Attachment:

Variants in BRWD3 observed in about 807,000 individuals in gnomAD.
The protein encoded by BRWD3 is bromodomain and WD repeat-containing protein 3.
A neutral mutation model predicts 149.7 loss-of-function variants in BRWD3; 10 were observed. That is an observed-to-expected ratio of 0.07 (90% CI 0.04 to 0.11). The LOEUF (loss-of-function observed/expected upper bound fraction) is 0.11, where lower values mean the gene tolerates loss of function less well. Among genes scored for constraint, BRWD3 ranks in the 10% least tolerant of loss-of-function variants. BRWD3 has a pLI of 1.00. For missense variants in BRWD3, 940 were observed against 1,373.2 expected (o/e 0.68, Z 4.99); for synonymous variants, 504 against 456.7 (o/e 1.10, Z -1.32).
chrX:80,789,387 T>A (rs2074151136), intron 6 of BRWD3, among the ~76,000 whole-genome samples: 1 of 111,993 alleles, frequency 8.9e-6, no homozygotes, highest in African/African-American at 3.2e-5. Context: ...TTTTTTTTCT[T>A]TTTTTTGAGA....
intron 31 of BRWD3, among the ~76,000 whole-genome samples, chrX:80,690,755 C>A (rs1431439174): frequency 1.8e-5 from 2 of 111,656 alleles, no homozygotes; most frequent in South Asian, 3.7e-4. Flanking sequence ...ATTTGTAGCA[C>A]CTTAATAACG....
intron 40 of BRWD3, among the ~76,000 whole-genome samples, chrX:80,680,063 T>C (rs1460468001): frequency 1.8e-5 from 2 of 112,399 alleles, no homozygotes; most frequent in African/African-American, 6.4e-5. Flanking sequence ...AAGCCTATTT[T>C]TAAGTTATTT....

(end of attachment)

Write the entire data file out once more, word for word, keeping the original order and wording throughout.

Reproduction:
Variants in BRWD3 observed in about 807,000 individuals in gnomAD.
The protein encoded by BRWD3 is bromodomain and WD repeat-containing protein 3.
A neutral mutation model predicts 149.7 loss-of-function variants in BRWD3; 10 were observed. That is an observed-to-expected ratio of 0.07 (90% CI 0.04 to 0.11). The LOEUF (loss-of-function observed/expected upper bound fraction) is 0.11, where lower values mean the gene tolerates loss of function less well. Among genes scored for constraint, BRWD3 ranks in the 10% least tolerant of loss-of-function variants. BRWD3 has a pLI of 1.00. For missense variants in BRWD3, 940 were observed against 1,373.2 expected (o/e 0.68, Z 4.99); for synonymous variants, 504 against 456.7 (o/e 1.10, Z -1.32).
chrX:80,789,387 T>A (rs2074151136), intron 6 of BRWD3, among the ~76,000 whole-genome samples: 1 of 111,993 alleles, frequency 8.9e-6, no homozygotes, highest in African/African-American at 3.2e-5. Context: ...TTTTTTTTCT[T>A]TTTTTTGAGA....
intron 31 of BRWD3, among the ~76,000 whole-genome samples, chrX:80,690,755 C>A (rs1431439174): frequency 1.8e-5 from 2 of 111,656 alleles, no homozygotes; most frequent in South Asian, 3.7e-4. Flanking sequence ...ATTTGTAGCA[C>A]CTTAATAACG....
intron 40 of BRWD3, among the ~76,000 whole-genome samples, chrX:80,680,063 T>C (rs1460468001): frequency 1.8e-5 from 2 of 112,399 alleles, no homozygotes; most frequent in African/African-American, 6.4e-5. Flanking sequence ...AAGCCTATTT[T>C]TAAGTTATTT....